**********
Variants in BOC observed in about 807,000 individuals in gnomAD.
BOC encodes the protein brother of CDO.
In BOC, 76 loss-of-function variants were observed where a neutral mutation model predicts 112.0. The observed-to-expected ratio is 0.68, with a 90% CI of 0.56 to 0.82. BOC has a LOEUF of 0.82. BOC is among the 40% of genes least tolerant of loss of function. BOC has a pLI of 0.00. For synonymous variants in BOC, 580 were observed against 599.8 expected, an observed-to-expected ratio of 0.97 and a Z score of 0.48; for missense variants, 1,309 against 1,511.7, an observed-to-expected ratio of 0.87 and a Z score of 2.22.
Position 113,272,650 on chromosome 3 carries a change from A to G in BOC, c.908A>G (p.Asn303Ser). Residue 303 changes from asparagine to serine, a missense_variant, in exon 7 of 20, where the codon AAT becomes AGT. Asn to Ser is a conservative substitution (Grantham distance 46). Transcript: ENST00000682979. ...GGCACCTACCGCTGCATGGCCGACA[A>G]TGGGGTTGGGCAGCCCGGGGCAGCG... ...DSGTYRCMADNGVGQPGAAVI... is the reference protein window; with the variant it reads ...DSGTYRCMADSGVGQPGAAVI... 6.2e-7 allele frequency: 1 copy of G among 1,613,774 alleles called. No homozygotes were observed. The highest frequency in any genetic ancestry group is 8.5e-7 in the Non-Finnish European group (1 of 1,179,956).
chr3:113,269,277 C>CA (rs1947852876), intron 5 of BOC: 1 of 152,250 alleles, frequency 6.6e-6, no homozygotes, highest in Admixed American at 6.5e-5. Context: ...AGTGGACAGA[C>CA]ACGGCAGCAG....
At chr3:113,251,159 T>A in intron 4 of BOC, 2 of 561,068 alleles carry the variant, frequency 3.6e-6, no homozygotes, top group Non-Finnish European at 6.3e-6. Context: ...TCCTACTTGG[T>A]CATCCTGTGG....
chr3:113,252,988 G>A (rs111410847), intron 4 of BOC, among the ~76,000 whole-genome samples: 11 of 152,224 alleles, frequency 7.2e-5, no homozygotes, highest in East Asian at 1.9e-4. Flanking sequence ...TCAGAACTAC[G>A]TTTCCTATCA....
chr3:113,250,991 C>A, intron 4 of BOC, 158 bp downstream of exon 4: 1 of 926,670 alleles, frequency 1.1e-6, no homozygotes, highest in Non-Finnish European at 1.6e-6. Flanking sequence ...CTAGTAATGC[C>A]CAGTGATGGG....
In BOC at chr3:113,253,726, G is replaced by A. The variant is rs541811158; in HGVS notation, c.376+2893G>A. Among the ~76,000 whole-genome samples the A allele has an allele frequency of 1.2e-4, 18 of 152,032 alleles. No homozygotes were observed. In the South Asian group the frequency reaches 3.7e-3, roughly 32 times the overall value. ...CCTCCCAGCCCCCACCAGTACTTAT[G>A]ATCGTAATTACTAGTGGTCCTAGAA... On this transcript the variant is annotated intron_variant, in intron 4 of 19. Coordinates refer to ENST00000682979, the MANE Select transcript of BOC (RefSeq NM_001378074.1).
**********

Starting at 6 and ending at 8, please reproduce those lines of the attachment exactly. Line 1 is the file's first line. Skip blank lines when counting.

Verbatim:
At chr3:113,251,159 T>A in intron 4 of BOC, 2 of 561,068 alleles carry the variant, frequency 3.6e-6, no homozygotes, top group Non-Finnish European at 6.3e-6. Context: ...TCCTACTTGG[T>A]CATCCTGTGG....
chr3:113,252,988 G>A (rs111410847), intron 4 of BOC, among the ~76,000 whole-genome samples: 11 of 152,224 alleles, frequency 7.2e-5, no homozygotes, highest in East Asian at 1.9e-4. Flanking sequence ...TCAGAACTAC[G>A]TTTCCTATCA....
chr3:113,250,991 C>A, intron 4 of BOC, 158 bp downstream of exon 4: 1 of 926,670 alleles, frequency 1.1e-6, no homozygotes, highest in Non-Finnish European at 1.6e-6. Flanking sequence ...CTAGTAATGC[C>A]CAGTGATGGG....